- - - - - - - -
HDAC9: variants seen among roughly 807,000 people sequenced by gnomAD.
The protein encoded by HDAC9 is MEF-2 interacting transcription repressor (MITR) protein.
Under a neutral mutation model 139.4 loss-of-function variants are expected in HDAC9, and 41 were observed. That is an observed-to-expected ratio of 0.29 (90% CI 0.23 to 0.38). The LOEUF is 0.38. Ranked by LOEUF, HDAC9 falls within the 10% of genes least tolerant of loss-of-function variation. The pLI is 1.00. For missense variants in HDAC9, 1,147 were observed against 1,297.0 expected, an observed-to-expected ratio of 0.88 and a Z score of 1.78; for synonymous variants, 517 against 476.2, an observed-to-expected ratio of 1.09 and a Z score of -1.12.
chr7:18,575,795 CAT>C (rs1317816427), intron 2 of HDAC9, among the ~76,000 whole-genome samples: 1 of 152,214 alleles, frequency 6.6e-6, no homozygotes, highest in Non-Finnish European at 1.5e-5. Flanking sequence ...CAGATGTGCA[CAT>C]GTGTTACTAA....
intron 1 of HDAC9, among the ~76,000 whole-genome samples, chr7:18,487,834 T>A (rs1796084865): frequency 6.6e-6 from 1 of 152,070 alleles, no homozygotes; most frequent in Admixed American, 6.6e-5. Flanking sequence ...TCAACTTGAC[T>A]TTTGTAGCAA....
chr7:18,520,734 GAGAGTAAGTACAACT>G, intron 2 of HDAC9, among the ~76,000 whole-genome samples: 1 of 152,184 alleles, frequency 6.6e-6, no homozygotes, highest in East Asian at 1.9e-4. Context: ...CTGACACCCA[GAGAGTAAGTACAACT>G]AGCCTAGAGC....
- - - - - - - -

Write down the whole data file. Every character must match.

HDAC9: variants seen among roughly 807,000 people sequenced by gnomAD.
The protein encoded by HDAC9 is MEF-2 interacting transcription repressor (MITR) protein.
Under a neutral mutation model 139.4 loss-of-function variants are expected in HDAC9, and 41 were observed. That is an observed-to-expected ratio of 0.29 (90% CI 0.23 to 0.38). The LOEUF is 0.38. Ranked by LOEUF, HDAC9 falls within the 10% of genes least tolerant of loss-of-function variation. The pLI is 1.00. For missense variants in HDAC9, 1,147 were observed against 1,297.0 expected, an observed-to-expected ratio of 0.88 and a Z score of 1.78; for synonymous variants, 517 against 476.2, an observed-to-expected ratio of 1.09 and a Z score of -1.12.
chr7:18,575,795 CAT>C (rs1317816427), intron 2 of HDAC9, among the ~76,000 whole-genome samples: 1 of 152,214 alleles, frequency 6.6e-6, no homozygotes, highest in Non-Finnish European at 1.5e-5. Flanking sequence ...CAGATGTGCA[CAT>C]GTGTTACTAA....
intron 1 of HDAC9, among the ~76,000 whole-genome samples, chr7:18,487,834 T>A (rs1796084865): frequency 6.6e-6 from 1 of 152,070 alleles, no homozygotes; most frequent in Admixed American, 6.6e-5. Flanking sequence ...TCAACTTGAC[T>A]TTTGTAGCAA....
chr7:18,520,734 GAGAGTAAGTACAACT>G, intron 2 of HDAC9, among the ~76,000 whole-genome samples: 1 of 152,184 alleles, frequency 6.6e-6, no homozygotes, highest in East Asian at 1.9e-4. Context: ...CTGACACCCA[GAGAGTAAGTACAACT>G]AGCCTAGAGC....